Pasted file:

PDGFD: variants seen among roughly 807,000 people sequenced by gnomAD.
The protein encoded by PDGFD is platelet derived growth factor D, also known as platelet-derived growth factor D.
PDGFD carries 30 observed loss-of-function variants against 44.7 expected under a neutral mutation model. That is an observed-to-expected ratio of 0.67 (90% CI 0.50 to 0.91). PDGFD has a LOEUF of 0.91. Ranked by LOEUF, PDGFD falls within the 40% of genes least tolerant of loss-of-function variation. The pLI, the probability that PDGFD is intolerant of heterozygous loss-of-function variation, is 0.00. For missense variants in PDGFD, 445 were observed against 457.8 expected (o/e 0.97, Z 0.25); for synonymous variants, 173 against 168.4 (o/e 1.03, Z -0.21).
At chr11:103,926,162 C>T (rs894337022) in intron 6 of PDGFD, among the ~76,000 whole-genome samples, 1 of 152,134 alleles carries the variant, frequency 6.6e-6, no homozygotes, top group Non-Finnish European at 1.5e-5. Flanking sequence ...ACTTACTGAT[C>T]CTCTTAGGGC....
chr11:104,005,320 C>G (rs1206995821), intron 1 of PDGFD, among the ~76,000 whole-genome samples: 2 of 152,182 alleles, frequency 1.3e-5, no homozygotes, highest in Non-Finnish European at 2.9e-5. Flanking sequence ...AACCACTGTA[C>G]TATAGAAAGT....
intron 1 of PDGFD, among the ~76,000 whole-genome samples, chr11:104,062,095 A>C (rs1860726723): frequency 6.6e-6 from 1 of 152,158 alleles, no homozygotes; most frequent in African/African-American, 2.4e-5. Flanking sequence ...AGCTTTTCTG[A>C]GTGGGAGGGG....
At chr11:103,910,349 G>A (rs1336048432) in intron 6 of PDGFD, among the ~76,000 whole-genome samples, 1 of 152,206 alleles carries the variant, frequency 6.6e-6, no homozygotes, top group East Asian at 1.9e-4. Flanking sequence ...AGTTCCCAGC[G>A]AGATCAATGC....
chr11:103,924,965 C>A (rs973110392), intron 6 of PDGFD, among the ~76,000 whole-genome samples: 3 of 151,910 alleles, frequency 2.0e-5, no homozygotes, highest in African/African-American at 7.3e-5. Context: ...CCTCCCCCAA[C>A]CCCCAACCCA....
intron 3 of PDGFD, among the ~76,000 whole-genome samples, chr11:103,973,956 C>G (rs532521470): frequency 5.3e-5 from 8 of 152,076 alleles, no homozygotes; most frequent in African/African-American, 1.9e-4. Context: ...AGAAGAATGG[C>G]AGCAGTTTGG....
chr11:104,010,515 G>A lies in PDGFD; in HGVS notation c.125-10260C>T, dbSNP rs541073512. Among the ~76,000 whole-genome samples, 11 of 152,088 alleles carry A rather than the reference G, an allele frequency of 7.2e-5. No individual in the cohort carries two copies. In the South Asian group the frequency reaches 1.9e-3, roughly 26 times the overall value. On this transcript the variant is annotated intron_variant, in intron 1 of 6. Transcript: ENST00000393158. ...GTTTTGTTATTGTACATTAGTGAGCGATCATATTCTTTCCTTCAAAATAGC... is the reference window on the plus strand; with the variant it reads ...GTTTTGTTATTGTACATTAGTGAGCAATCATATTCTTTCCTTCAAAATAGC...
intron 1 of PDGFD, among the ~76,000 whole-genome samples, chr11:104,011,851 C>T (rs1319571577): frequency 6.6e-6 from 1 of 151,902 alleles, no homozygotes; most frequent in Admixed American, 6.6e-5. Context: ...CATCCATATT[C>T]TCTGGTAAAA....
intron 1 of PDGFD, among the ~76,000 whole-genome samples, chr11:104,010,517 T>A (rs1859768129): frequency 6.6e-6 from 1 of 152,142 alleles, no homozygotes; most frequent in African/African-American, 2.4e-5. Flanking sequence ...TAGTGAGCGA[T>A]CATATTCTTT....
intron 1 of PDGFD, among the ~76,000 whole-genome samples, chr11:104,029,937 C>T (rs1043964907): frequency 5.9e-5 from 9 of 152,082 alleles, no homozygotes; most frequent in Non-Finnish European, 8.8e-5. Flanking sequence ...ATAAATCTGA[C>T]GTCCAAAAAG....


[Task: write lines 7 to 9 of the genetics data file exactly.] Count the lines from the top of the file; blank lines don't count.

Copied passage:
At chr11:103,910,349 G>A (rs1336048432) in intron 6 of PDGFD, among the ~76,000 whole-genome samples, 1 of 152,206 alleles carries the variant, frequency 6.6e-6, no homozygotes, top group East Asian at 1.9e-4. Flanking sequence ...AGTTCCCAGC[G>A]AGATCAATGC....
chr11:103,924,965 C>A (rs973110392), intron 6 of PDGFD, among the ~76,000 whole-genome samples: 3 of 151,910 alleles, frequency 2.0e-5, no homozygotes, highest in African/African-American at 7.3e-5. Context: ...CCTCCCCCAA[C>A]CCCCAACCCA....
intron 3 of PDGFD, among the ~76,000 whole-genome samples, chr11:103,973,956 C>G (rs532521470): frequency 5.3e-5 from 8 of 152,076 alleles, no homozygotes; most frequent in African/African-American, 1.9e-4. Context: ...AGAAGAATGG[C>G]AGCAGTTTGG....